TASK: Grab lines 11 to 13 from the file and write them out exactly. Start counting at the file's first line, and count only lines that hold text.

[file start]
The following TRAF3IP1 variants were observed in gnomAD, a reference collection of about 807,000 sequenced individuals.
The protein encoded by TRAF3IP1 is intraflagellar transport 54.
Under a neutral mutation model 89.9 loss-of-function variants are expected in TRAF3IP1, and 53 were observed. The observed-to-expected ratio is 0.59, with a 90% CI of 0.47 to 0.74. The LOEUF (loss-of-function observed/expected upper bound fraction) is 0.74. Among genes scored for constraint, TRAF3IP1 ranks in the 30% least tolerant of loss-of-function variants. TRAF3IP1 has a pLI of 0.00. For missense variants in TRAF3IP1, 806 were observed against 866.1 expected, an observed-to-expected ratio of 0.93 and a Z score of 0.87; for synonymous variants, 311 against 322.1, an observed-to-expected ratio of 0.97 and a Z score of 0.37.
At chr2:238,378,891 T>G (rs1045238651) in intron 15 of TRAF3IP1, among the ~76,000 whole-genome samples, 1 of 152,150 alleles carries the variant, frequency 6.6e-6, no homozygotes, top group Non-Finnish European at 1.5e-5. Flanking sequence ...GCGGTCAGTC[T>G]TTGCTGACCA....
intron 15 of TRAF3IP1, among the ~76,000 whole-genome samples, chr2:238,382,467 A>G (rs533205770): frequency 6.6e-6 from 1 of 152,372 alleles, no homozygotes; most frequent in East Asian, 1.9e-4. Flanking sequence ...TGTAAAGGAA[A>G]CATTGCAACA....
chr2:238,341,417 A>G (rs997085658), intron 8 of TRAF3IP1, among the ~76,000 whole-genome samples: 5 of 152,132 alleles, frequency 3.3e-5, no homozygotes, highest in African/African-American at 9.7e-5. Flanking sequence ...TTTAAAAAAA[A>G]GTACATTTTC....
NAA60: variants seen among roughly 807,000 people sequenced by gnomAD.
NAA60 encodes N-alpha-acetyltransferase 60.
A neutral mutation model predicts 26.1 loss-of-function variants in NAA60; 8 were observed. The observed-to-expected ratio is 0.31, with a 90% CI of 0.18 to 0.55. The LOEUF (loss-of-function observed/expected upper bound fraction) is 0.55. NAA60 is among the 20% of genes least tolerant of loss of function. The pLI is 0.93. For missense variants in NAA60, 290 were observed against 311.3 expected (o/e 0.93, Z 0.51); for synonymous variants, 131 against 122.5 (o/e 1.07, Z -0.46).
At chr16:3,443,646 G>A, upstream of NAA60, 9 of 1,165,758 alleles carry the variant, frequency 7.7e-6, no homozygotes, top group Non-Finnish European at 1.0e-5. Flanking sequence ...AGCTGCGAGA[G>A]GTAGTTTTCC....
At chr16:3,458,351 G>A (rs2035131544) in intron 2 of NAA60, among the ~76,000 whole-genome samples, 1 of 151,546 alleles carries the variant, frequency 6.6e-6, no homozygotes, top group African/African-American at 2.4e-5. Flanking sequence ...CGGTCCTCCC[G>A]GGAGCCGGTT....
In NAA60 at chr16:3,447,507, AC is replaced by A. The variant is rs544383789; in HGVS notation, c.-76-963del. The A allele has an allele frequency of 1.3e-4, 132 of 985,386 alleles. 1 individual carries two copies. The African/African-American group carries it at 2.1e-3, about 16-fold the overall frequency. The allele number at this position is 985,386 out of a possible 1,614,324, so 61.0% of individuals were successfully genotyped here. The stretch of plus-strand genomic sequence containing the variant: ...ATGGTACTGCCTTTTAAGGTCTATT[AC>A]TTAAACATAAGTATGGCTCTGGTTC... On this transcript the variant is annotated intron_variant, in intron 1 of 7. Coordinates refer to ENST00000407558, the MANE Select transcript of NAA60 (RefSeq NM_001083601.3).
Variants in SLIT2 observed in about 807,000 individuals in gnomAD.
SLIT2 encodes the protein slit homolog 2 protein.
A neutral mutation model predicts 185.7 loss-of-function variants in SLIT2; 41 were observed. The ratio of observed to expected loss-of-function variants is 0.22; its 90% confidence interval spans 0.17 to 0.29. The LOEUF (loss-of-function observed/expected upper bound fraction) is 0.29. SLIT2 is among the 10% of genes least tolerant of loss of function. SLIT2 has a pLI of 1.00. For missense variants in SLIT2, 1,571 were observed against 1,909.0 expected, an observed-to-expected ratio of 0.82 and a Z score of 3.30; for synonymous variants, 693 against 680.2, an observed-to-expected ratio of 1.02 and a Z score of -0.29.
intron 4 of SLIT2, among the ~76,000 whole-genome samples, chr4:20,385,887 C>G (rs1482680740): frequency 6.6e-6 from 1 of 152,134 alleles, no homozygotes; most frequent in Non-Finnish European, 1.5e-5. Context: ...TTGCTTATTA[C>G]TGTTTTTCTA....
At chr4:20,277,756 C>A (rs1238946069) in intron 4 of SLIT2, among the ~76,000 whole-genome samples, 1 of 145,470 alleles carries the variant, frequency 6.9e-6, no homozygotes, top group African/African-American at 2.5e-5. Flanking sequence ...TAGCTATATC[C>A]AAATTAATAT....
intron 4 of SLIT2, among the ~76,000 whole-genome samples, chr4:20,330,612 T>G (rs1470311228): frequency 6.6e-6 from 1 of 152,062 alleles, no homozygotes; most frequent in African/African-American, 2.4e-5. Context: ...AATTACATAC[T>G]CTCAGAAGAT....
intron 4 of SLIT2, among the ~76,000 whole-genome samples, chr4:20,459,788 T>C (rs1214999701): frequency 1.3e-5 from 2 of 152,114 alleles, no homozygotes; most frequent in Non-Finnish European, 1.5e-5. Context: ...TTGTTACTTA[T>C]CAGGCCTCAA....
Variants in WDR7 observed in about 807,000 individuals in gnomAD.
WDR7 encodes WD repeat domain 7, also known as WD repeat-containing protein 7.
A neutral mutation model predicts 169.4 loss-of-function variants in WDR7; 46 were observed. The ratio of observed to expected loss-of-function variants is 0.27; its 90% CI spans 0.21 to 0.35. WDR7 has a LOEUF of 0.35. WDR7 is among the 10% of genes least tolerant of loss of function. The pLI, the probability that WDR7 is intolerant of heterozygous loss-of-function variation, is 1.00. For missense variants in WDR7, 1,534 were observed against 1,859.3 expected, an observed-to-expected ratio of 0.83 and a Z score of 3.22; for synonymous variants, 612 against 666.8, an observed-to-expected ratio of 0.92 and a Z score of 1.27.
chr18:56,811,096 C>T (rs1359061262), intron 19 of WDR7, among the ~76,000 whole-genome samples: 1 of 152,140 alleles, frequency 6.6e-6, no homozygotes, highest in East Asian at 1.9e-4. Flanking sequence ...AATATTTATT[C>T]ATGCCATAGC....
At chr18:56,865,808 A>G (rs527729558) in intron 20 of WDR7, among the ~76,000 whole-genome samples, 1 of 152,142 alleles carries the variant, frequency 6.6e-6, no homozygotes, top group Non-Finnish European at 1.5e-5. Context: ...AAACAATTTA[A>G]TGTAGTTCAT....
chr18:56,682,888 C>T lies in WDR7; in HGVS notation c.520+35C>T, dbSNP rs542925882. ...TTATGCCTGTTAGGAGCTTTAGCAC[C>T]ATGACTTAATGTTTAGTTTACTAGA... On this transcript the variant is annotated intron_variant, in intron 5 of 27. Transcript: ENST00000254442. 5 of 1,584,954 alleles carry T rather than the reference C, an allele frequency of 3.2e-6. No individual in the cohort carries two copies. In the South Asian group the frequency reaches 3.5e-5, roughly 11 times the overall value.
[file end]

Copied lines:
At chr16:3,458,351 G>A (rs2035131544) in intron 2 of NAA60, among the ~76,000 whole-genome samples, 1 of 151,546 alleles carries the variant, frequency 6.6e-6, no homozygotes, top group African/African-American at 2.4e-5. Flanking sequence ...CGGTCCTCCC[G>A]GGAGCCGGTT....
In NAA60 at chr16:3,447,507, AC is replaced by A. The variant is rs544383789; in HGVS notation, c.-76-963del. The A allele has an allele frequency of 1.3e-4, 132 of 985,386 alleles. 1 individual carries two copies. The African/African-American group carries it at 2.1e-3, about 16-fold the overall frequency. The allele number at this position is 985,386 out of a possible 1,614,324, so 61.0% of individuals were successfully genotyped here. The stretch of plus-strand genomic sequence containing the variant: ...ATGGTACTGCCTTTTAAGGTCTATT[AC>A]TTAAACATAAGTATGGCTCTGGTTC... On this transcript the variant is annotated intron_variant, in intron 1 of 7. Coordinates refer to ENST00000407558, the MANE Select transcript of NAA60 (RefSeq NM_001083601.3).
Variants in SLIT2 observed in about 807,000 individuals in gnomAD.